Ex-Ukraine ambassador suggests Giuliani associates played role in her ouster

The former U.S. ambassador to Ukraine abruptly recalled from her post by President TrumpDonald John TrumpPence: It's not a "foregone conclusion" that lawmakers impeach Trump FBI identifies Pensacola shooter as Saudi Royal Saudi Air Force second lieutenant Trump calls Warren 'Pocahontas,' knocks wealth tax MORE earlier this year told Congress that she suspects Rudy GiulianiRudy GiulianiTrump: Giuliani to deliver report on Ukraine trip to Congress, Barr Trump denies report that he still uses personal cell phone for calls Giuliani draws attention with latest trip to Ukraine MORE pushed for her ouster on behalf of two of his associates who were arrested this week for an alleged foreign influence scheme.

Marie Yovanovitch testified privately before the committees leading the House impeachment inquiry on Friday, alleging that there was a “concerted campaign” to push for her firing. That campaign apparently included Giuliani who argued to the president that she had been disparaging toward him, according to The Wall Street Journal.

In testimony obtained by The New York Times and The Washington Post on Friday, Yovanovitch denied that she had been disloyal to the president and suggested that the campaign to have her removed was because of her anti-corruption efforts in Ukraine.

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“I do not know Mr. Giuliani’s motives for attacking me,” Yovanovitch said. “But individuals who have been named in the press as contacts of Mr. Giuliani may well have believed that their personal financial ambitions were stymied by our anti-corruption policy in Ukraine.”

That’s an apparent reference to Lev Parnas and Igor Fruman, two associate of Giuliani’s who were charged this week with multiple counts of conspiracy and campaign finance violations. They were alleged to have orchestrated a straw donor scheme in order to use campaign contributions to buy influence with elected officials.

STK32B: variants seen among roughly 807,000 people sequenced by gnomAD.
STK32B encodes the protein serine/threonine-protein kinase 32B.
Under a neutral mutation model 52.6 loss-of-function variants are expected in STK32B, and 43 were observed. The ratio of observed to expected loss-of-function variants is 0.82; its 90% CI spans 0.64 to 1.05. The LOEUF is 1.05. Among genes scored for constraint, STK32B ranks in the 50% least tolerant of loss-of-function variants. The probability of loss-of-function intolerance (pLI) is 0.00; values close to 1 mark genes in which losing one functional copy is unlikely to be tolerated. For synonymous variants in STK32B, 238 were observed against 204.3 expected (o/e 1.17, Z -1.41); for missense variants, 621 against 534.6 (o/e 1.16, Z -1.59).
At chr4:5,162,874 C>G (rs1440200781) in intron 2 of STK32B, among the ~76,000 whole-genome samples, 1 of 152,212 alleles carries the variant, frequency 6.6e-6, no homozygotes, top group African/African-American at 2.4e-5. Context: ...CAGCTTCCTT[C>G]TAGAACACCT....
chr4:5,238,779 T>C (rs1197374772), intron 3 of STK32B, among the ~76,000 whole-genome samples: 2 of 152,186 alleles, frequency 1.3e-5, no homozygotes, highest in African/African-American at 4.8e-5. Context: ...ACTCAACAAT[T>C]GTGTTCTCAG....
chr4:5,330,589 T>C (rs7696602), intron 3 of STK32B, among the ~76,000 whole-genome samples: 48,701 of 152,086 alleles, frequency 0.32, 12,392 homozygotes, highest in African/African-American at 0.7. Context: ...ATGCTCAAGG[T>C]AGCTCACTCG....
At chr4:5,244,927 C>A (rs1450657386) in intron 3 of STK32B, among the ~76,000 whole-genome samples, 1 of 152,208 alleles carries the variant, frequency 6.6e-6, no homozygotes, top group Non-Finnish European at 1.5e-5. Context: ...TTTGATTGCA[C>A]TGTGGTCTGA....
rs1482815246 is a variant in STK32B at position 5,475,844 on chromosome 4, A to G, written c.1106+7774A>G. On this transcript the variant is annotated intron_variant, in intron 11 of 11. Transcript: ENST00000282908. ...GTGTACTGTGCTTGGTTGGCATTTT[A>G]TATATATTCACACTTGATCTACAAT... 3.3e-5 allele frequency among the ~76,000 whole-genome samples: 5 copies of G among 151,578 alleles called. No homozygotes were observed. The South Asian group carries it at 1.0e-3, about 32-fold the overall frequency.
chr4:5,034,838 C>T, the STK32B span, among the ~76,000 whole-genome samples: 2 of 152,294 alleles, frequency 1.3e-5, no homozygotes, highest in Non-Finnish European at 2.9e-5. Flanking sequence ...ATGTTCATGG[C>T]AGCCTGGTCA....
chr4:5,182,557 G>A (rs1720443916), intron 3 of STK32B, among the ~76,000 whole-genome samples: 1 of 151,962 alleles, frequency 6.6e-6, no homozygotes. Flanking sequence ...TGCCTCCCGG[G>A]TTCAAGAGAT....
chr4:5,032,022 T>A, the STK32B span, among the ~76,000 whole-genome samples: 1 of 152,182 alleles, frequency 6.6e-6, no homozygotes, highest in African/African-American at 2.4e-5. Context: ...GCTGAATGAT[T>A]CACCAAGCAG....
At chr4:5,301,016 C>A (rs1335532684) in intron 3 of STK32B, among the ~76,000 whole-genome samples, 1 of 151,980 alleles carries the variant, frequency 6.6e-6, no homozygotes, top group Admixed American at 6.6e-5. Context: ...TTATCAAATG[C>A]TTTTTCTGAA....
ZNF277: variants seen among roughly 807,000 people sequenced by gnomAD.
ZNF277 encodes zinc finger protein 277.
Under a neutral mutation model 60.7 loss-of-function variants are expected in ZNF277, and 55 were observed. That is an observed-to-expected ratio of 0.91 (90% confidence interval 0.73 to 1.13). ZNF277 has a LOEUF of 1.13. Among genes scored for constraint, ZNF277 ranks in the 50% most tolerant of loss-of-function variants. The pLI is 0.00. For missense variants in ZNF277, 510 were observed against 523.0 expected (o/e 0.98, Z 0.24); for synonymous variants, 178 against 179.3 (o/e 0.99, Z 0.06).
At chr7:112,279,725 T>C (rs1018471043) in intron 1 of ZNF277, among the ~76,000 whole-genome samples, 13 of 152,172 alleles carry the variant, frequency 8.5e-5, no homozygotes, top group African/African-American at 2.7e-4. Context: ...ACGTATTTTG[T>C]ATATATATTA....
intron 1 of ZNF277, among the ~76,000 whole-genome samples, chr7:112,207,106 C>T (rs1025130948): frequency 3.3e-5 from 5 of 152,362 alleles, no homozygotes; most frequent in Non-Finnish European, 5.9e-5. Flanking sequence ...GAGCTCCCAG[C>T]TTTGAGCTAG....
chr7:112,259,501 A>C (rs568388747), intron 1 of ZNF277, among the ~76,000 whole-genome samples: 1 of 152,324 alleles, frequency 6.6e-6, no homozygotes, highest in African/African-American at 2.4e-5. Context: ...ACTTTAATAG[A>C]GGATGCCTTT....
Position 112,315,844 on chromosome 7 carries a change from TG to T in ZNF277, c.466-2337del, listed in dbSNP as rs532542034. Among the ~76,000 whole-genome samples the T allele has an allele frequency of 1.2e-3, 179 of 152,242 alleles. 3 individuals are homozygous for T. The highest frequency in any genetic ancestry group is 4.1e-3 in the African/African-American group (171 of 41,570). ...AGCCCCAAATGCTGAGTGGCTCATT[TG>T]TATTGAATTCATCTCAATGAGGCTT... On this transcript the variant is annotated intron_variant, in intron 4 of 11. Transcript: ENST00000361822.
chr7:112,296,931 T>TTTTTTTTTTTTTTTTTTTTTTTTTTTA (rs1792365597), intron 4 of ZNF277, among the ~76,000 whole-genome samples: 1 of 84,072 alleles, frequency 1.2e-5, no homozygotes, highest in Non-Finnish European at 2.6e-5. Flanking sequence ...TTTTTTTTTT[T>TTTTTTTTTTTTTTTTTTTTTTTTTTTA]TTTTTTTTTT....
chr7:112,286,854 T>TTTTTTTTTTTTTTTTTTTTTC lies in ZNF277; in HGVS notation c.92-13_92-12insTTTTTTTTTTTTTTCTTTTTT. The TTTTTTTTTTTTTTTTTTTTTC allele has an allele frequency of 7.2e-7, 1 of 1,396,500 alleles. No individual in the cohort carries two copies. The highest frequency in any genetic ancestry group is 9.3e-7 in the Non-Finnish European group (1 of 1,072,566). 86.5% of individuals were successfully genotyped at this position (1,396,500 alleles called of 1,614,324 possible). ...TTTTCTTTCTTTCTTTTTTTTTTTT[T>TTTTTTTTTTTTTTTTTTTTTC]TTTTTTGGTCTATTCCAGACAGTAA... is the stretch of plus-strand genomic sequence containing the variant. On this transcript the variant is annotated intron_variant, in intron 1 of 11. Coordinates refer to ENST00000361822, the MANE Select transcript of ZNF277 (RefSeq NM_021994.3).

Giuliani did not immediately respond to a request for comment on the former ambassador's testimony.

Federal prosecutors said one of their goals, at the behest of an unnamed Ukrainian government official, was to get Yovanovitch fired. Part of their effort apparently included pledging $20,000 in campaign funds to former Rep. Pete SessionsPeter Anderson SessionsTexas GOP rep predicts heavy Democratic presence in state ahead of 2020 Bottom Line The Hill's Morning Report - Presented by Better Medicare Alliance - GOP snags mic with impeachment protest MORE (R-Texas) and asking him to push for Yovanovitch’s firing.

Sessions wrote a letter to the State Department last year calling for her ouster. In a statement on Thursday, he denied any wrongdoing and said that he had urged for Yovanovitch to be recalled because he heard that she had been “disparaging President Trump to others.”

"I have been friends with Rudy Giuliani for more than 30 years," Sessions said. "I do not know what his business or legal activities in Ukraine have been.”